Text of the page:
For the last six years, I encouraged CPA business owners to boost their social media presence, demonstrate their expertise and generally bump up their marketing efforts to be more visible and competitive. I was one of many communications angels, dispensing blogs, brochures, you name it to “be a thought leader! Be innovative! Tweet, do a podcast, give a speech. Reinforce your value with clients year-round.”
Ah, so easy to be the one giving the advice. Now, as a business owner, I am on the other side. And I completely understand if anyone of my former audience wanted to throw something at me, even though we were telling them what they needed to hear. Yes, the karma train has rolled into the station and there is nowhere to hide.
Don’t get me wrong, I absolutely see the value in building a presence, whether you are a full-time employee or a business owner. Part of the resistance is simply time – in addition to meeting with people, taking care of invoices, and creating actual work products, I like to eat, go to the gym and see friends and family. And let’s not forget the Billions episodes I need to catch up on. Now you’re telling me I should post thoughtful content multiple times a day? Excuse me for a minute while my head explodes.
I also think it’s the Gen X in me that cringes occasionally at the push to self-promote. You can relate to this if you’ve thought any of the following:
- [Cue a slightly whiny voice]: Why can’t I just want to do my work? Why do I have to do all this other stuff? It’s hard/complicated/stupid/waste of time.
- I don’t know what to say.
- I don’t have anything that interesting to say. I’m not the thought leader type. Besides, someone has probably already said it.
The pressure to be a star accelerates (along with your blood pressure) when the face of a 20- or 30-something millionaire who is giving TED talks smiles at you from a magazine cover. Or one of those annoying 40 under 40 lists comes out.
I can speak only for this Gen X-er when I say I don’t recall being pushed to be innovative or make myself known. That’s not a complaint, just a fact. It was a different mentality – being a “showoff” was generally something to avoid. It was also a smaller world. Without the Internet, we had less information about opportunities but also less competition. If you studied and/or worked hard and you were good at what you did, that was enough. It simply wouldn’t occur to us to do something like start a nonprofit at 17.
Does that mean we’re doomed? Hell no. Generation Xers have a lot in their favor. So rip off that magazine cover and put it in the cat’s litter box, then consider these characteristics – thank you to Dan Schawbel for the stats!):
- We are willing to take risks. Perhaps this is due, at least in part, to traditional institutions and jobs letting us down or our expectation that they will. Many of us (70%, according to MetLife) don’t expect Social Security to offer full benefits, and 74% of Gen Xers surveyed by TransAmerica Insurance said they were negatively affected by the Great Recession; 57% are still recovering. In fact, we are less risk adverse than folks who came after us. Monster’s multigenerational survey indicated “only 28% of Gen Y respondents identified with being high risk, compared to 40% of Gen X and 43% of Baby Boomers.”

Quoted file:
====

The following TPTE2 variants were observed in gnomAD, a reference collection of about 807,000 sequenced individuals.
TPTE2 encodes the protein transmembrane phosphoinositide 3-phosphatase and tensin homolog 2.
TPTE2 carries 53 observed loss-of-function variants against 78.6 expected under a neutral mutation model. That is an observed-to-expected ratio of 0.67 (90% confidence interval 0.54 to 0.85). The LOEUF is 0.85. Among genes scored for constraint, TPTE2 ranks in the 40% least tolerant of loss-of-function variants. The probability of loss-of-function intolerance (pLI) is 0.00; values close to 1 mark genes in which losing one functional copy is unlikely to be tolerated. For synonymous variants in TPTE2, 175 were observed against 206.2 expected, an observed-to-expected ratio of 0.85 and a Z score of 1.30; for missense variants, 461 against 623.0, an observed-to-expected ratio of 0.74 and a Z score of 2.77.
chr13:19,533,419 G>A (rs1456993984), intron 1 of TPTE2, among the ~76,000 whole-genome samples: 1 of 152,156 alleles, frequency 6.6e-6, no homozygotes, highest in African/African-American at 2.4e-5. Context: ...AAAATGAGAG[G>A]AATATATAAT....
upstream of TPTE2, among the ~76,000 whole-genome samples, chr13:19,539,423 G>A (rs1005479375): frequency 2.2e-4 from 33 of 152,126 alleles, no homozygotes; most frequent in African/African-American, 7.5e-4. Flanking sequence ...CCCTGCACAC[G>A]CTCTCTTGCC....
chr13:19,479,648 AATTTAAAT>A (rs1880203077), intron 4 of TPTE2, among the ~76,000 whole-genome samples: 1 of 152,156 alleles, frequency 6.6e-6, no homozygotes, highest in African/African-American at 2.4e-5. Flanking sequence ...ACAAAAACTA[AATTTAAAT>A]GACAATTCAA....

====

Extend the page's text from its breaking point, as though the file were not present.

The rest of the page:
- We are not afraid to work hard. A Reader’s Digest poll showed that 74% of Gen Xers agreed with the statement “hard work is the key to getting ahead.”
- Many of us prefer to work by ourselves (Center for Talent Innovation) and greatly value the flexibility that entrepreneurship offers – likely more so since teleworking options were fewer when we started our careers. Gen X employees are more likely to leave their current job if workplace flexibility isn’t available, according to a study by Ernst and Young.
- We are tough and self-reliant. No statistics here – just experience as someone who was one of the last picked for whatever sport required hand-eye coordination. Mortifying and so not good for the self esteem. But I survived, just like you can tough it out if a post falls flat, or a presentation doesn’t go well. I was also one of those latch-key kids as my parents trusted me to be in the house by myself – and I loved it.
- Our interpersonal skills and decades of contacts matter. People want to do business with someone they trust – preferring someone who is connected to someone they know and wanting to meet you in person if possible. Gen Xers, you can shine here – you will refrain from texting during the conversation.
If we want to stay relevant, keeping up with trends and putting ourselves out there is critical. We know a lot of stuff and are highly adaptable, and need to give ourselves more credit for both. Below are a few suggestions to navigate the self-promotion labyrinth:
- Read You are a Bad Ass: How to Stop Doubting your Greatness and Start Living an Awesome Life by Jen Sincero. Love, love this book. Also, check out Kandia Johnson’s 33 Ways to Stand Out, chockfull of good ideas.
- Focus on the communication channels that you are most comfortable with first. Hate writing but love to talk? Find someone to help you create a podcast (it’s easy) or contact your alumni groups to see if they’d like a speaker at an upcoming meeting.
- Have fun with it. Got teenagers who are tuning you out? No worries, there is a whole world out there that wants to hear from you.